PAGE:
09 September 2013

It's okay to NOT write every day (says the author who took the summer off)...

There are a lot of good writing and publishing tips on the Internet. I am quite certain I would NOT have found my fabulous writing friends or critique partners or agent or publisher (or completed a single manuscript, for that matter) if I hadn't followed some very good advice discovered on author blogs.

But, sometimes... that advice can make you feel like you're doing it wrong. Like this one: "Write EVERY day. Even if it's only a paragraph. Commit to putting words on the page every single day."

I've read that advice in various forms on numerous blogs. Heck, I've even GIVEN that advice. And when I don't write every day, I feel guilty. A little voice inside my head needles me. "If you were a REAL writer, you'd HAVE to write every day or you'd burst."

But there are times when something else is calling to me more strongly than whatever I'm writing. This summer, the voice of my WIP was drowned out by the activities of my children and summer travel plans. Instead of feeling guilty for neglecting my writing, I decided to enjoy it. I spent a week in Paris with a girlfriend (where I did some research for a book but no actual writing). My daughter and I completely redecorated her room (We shopped! We sewed! We painted!) My son had friends over for a DIY screen printing camp in our garage, attended weekly gatherings of a Dr. Who club, and played stand-up bass in a bluegrass band. I shuttled the kids to camp and dance and lessons and friends' houses and pools. I did a full purge and clean-out of our attic play room, discarding toys my children have long since outgrown, and transforming into more of a hang-out (and rock-out) sort of space. Then I reclaimed my office, which had become a dumping ground for STUFF. (All of the stuff.)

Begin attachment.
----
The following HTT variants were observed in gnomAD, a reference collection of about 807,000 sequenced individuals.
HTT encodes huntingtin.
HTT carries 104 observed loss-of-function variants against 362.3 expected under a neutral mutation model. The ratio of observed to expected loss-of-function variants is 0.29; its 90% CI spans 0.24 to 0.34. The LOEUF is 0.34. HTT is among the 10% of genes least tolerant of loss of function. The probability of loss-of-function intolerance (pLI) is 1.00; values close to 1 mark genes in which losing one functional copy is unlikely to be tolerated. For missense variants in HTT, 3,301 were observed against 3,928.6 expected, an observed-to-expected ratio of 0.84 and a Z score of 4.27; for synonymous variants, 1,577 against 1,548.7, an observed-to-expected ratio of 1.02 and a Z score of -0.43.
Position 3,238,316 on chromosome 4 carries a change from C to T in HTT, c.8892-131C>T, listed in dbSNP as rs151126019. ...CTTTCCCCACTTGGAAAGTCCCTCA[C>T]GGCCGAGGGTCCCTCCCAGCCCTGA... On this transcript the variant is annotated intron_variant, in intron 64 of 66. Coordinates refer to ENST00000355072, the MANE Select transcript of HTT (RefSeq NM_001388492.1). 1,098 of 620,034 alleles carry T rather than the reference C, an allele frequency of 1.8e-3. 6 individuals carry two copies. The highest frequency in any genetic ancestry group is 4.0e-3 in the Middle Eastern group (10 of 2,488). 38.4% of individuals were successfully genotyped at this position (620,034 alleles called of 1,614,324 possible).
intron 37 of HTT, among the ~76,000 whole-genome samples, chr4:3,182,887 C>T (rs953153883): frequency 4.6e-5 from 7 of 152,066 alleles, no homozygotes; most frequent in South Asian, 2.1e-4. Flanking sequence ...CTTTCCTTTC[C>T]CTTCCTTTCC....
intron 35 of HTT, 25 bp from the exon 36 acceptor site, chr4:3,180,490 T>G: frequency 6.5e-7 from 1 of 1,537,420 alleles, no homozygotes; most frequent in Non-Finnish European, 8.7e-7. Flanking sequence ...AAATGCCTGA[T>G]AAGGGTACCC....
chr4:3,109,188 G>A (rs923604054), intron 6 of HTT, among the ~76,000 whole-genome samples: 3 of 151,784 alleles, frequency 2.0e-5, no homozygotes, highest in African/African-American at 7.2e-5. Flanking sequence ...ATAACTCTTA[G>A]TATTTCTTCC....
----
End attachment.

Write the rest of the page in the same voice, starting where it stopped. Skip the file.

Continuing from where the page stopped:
I even sharpened every pencil in the house (we're talking hundreds) and put them in a giant pencil box. 

Some might call this procrastination (or possibly insanity). For me, it was a form of rest and rejuvenation. And you know what happened? Some of my best writing ideas came while I was completely ignoring my writing. They poked through, waking me at night or coming to the fore while I was brushing my teeth. They came to me after seeing something or meeting someone I wouldn't have seen or met if I'd been home writing. I scribbled them down somewhere so I wouldn't forget them. 

Now... it's time to write. The kids are back in school. My surroundings are in order. And a summer's worth of ideas are bursting forth. I feel certain my writing will be better for the break I took from it. 

1 comment:

  1. Great advice, Sharon! So glad to hear the ideas are flowing for you. We really should get back on track as critique partners now that I defended my dissertation! Major hurdle jumped! :)

    Write, write, write!